Sorry for the long absence. My family had been here visiting and Georgia isn't a place to let your guests fend for themselves. But more on that later. I've got a long story that's been festering in my brain for too long.
I wanted to explain something about friendship here, how there’s a different timbre to it. People like to toast to friendship a lot, and I do too, but when Georgians speak of it, it is shaded with some intensity that sounds dire to our ears. I wanted to talk about how a promise of friendship is not so much a pleasantry as an implicit vow of action. At home, I don’t need friends offering to die for me, I can just call the cops, see. But nothing in Georgia’s history has instructed people to rely on government agencies, institutions, the benevolent sorting justice of the law. So there’s friends and family, and where government and law shrink back, these others grow in to fill the space. I've got a story about all that. It's a little long and too earnest by half, but it's been a while, no?
Felix is this orphan kid who’s had just one lucky thing in his whole rotten lot in life and that’s his friends. They also happen to be my friends, and they know Felix from years of volunteering at a local orphanage. But he’s turned 18 and is too old for the orphanage. They found a property for him in an outlying village, a piece of land and a beat-up old shell of a house that once belonged to his grandmother.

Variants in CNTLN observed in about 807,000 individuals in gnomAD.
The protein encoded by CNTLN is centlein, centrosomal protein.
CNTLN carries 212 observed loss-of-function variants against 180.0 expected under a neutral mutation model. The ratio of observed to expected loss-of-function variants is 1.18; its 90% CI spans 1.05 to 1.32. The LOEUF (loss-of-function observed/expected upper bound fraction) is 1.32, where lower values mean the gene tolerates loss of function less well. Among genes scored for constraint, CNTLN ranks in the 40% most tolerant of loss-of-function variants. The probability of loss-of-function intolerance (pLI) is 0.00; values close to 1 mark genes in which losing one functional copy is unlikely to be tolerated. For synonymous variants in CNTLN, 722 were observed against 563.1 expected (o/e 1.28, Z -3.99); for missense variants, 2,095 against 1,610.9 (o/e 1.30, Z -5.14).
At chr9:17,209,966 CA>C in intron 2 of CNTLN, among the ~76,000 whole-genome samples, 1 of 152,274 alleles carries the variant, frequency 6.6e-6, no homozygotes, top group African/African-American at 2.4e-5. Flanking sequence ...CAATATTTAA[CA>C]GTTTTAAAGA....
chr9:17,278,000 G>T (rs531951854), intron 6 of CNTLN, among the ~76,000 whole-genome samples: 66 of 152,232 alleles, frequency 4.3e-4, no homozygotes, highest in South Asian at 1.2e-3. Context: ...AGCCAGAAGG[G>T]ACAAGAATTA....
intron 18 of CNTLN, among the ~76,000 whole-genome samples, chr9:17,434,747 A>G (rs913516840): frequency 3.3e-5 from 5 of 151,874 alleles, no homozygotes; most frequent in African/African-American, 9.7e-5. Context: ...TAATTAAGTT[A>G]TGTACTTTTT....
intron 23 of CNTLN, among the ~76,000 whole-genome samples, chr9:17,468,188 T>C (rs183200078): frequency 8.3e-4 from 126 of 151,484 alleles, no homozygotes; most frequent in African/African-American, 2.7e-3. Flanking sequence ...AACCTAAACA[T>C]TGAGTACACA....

A roof over his head is good news for Felix, but the vultures didn’t stay long at bay. The new neighbors took one look at this 18 year old kid, this orphan who has nobody, and they saw a soft target and had aims on his house and his piece of land. They started giving him a little trouble. And this place, awful as it was, was the only thing between Felix and the streets.
So Felix told my friends, and here’s what friends will do.
They loaded up two cars full of supplies. The kid had heartbreakingly nothing. They got cooking supplies and staple foods, dishes and silverware, bedding, tools, an axe so he can chop some wood for warmth and cooking. We all piled in and went to his village to show the neighbors (and the whole village, really, because if anything can give the speed of light a run for it, it’s the speed of gossip traveling through a village) that Felix wasn’t alone and that he had friends that weren’t to be messed with. My job was to stand around and be American, one task I can reliably perform reasonably well here.
We came clanging into the village like the circus coming to town. Honking horns, yelling out the windows asking for unnecessary directions to our friend Felix’s house, driving slowly, turning as many eyes our direction as possible.
At Felix’s house, the neighbors were leaning over railings to get a peek at this production. Lasha, normally reticent and a bit mumbly, transformed himself into a circus barker for the occasion. While the rest of us were preparing things inside, he raised his arms high towards the neighbors, and shouted greetings, begging them over for just two drinks, please, we’d love to meet you.